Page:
Oklahoma receives 30,000 submissions for private school tax credits
OKLAHOMA CITY — Tens of thousands of Oklahoma families applied for private school tax credits within minutes of the program’s launch, potentially consuming the entire $150 million budget after an hour and a half.
The state received more than 30,000 submissions for the new parental choice tax credits within the first 90 minutes of the application window on Wednesday, according to a news release from Gov. Kevin Stitt.
“It is amazing to see the demand for this program, and I hope the legislature will consider ways to allow more families to apply for this tax credit in the future,” Stitt said in a statement Thursday night.
About 32,000 students attend private schools in Oklahoma. More than 150 private schools had registered with the program by Wednesday afternoon so their students could be eligible to apply.
The refundable tax credits offer $5,000 to $7,500 per student to offset the cost of private school tuition and other educational expenses. The amount a family could receive depends on household earnings, and though there’s no maximum income limit, lower-earning families get a larger tax credit.
Little, if any, of the program’s $150 million budget would be left over if all 30,000 applicants qualify for even the lowest tax credit amount possible.
The total budget will rise to $200 million in 2025 and $250 million in 2026.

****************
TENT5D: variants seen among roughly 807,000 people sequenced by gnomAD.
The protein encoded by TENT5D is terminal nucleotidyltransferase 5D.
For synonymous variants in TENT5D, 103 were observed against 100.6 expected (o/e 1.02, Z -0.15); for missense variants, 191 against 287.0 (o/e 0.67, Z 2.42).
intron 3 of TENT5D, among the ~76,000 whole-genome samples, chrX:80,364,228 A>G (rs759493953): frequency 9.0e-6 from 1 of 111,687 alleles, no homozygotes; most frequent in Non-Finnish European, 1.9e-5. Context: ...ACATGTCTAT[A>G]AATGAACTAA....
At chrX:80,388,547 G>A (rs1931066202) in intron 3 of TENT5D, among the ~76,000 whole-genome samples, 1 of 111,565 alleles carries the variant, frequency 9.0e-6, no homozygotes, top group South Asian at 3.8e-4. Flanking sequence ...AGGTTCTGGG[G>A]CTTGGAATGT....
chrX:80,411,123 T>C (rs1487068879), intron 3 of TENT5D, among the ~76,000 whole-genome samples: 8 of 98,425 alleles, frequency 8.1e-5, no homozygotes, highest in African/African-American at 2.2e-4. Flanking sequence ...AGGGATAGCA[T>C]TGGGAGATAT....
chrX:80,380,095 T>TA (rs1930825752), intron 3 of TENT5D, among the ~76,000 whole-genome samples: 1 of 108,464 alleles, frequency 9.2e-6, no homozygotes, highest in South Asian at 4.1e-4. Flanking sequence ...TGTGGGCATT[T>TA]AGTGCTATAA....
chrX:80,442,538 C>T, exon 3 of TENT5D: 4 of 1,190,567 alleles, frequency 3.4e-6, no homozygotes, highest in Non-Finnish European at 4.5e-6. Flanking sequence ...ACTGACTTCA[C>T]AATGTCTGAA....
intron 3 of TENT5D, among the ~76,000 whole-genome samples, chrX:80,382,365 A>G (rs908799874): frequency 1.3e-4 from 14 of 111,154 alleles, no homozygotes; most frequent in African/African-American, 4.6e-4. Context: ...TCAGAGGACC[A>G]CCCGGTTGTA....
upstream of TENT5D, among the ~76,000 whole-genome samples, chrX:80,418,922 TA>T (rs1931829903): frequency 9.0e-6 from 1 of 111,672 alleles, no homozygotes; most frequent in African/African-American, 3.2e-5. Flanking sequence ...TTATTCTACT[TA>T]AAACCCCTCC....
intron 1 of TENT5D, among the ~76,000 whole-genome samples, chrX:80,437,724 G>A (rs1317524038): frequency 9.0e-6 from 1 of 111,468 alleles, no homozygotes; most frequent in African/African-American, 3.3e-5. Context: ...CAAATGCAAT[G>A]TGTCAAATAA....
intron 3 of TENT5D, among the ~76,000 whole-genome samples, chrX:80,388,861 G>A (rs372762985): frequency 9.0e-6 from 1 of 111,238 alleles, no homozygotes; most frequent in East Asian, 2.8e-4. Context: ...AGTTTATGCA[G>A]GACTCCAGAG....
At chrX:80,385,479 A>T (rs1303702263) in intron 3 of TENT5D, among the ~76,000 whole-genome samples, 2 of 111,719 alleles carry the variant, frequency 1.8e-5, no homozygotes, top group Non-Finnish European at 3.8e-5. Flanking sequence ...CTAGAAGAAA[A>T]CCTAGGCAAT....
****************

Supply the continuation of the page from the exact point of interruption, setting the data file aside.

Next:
Families with a household income of $150,000 or less have priority consideration if they apply before Feb. 5. Outside of the priority group, the tax credits are available on a first-come-first-served basis, incentivizing applicants to submit their forms as quickly as possible.
The Oklahoma Tax Commission declined to provide Oklahoma Voice with any metrics this week on the total number of applications received and how many submissions came from the priority group.
The Tax Commission will use its internal records to check applicants’ household income. The agency contracted with a company, Merit International, to assist with verifying school enrollment documents, expense records and vendor applications while also managing the program’s online platform.
Stitt, a self-made millionaire, initially said his family would apply for the tax credits but later reversed course. Critics of the program, especially Democrats in the state legislature, said Stitt’s comments illustrated their original fears that the tax credits would help only wealthy families whose children already attend private schools.
The governor called the program a “step towards true education freedom.”
“School choice should be for everyone, not just the rich,” he said.